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Movie REview

They’re that much more adorable in IMAX 3-D

Drew Fellman

After watching David Douglas and Drew Fellman’s visually spectacular, technically amazing, and occasionally cutesy documentary, “Pandas,” you’d think that IMAX 3-D was invented solely for close-ups of adorable panda cubs, their giant doleful, domino faces peering out with cuddly curiosity. 

These are the inhabitants of the Chengdu Research Base for Giant Panda Breeding (Chengdu Panda Base for short), in China, where Hou Rong , the director of research (known also as “Panda Mom”) has been steadily building the population of the endangered species. At the facility, lab-coated workers pamper the cubs, bottle feed them, teach them to climb trees, and engage in rough-housing play (one thing you learn about baby pandas is that they really enjoy being rolled around like big furry hedgehogs).

But it isn’t all fun and games. When they have grown into adults some of the pandas must relocate to the remote, mountainous areas where the species has fled the encroachment of civilization to revitalize the species. These pandas have been born to parents who themselves have only known a captive environment, and therefore couldn’t instruct the cubs in the skills they will need to survive in their natural habitat.

Luckily, avuncular New Hampshire resident Ben Kilham, a.k.a. “Papa Bear,” has been adopting orphaned black bear cubs for years and has learned how to become a surrogate parent and instruct his charges in the ways of the wild. He tutors the somewhat skeptical Hou Rong and her assistants in his methods, and their first candidate to take the big step is roly-poly Qian Qian (pronounced Chen Chen ). She becomes the film’s anthropomorphic heroine, as she steps out of the sheltered preserve and begins her pioneering, risky adventure.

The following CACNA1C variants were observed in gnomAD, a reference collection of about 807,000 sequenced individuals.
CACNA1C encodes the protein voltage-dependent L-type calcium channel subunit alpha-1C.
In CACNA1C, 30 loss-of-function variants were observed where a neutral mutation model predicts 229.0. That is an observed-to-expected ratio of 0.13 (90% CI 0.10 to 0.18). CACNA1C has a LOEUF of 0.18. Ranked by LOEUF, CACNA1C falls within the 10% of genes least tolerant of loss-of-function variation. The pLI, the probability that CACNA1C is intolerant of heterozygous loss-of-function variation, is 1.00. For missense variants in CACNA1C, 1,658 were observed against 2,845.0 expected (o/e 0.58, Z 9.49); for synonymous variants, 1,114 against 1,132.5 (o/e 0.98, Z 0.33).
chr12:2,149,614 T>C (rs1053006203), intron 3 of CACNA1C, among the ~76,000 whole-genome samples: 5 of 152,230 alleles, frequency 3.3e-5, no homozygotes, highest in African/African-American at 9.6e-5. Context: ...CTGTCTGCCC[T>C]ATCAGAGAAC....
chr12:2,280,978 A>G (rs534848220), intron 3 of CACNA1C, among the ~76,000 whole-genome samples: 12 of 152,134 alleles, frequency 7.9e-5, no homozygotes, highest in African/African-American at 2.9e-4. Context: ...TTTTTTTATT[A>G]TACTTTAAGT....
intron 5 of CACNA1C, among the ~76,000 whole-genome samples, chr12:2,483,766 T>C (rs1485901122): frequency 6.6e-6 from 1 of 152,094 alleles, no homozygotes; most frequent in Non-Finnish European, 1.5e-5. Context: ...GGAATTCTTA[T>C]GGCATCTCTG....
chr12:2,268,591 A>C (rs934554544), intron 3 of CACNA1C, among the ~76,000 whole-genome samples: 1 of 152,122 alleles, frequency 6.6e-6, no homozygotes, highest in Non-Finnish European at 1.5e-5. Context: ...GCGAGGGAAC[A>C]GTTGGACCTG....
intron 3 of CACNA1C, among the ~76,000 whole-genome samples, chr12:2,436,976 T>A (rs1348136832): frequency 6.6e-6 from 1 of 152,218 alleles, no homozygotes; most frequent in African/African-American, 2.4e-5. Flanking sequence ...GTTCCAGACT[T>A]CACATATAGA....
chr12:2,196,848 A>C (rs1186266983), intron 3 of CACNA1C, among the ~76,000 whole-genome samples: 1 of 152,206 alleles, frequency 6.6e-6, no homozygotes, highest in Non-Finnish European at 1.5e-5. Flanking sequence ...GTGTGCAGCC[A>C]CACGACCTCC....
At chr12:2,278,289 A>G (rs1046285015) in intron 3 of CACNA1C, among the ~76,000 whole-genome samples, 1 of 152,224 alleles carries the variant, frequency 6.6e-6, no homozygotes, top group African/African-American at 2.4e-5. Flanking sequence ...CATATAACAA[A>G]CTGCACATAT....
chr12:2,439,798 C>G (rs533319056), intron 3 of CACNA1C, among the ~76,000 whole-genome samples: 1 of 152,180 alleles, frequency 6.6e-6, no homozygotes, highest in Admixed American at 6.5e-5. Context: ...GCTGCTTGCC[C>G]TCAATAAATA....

As photogenic as the pandas are, the Chinese landscape — eldritch mountain ranges and lush, shaded forests — rival them for the viewer’s attention. Every image is lovely, and even when the point being illustrated is human incursion into the environment, Douglas and Fellman show the Leshan Giant Buddha , a 233-foot-tall 8th-century statue carved into a cliff, rather than, say, polluted rivers or strip mining. Even the mosquitoes swarming the New Hampshire woods are magical — you might be swatting at them as they seem to come buzzing off the screen into your face.


The soundtrack boasts such surprisingly eclectic tunes as the Ramones’ cover of “Do You Wanna Dance” which compensates somewhat for the bland voice-over narration by Kristen Bell and comments by participants like, “We all face adversity, humans and animals both. What’s important is how we respond: Do we give up or get stronger?”

Despite such G-rated Nietzschean clichés, “Pandas” does its subject justice and is a reminder of the importance of protecting endangered species and preserving the environment when these values have fallen from official favor.



Directed by David Douglas and Drew Fellman . Written by Fellman . At Simons IMAX Theatre at the New England Aquarium , Jordan’s Furniture IMAX in Natick and Reading , and Cinemagic Hooksett & IMAX . 42 minutes . Rated G.

Peter Keough can be reached at petervkeough@gmail.com.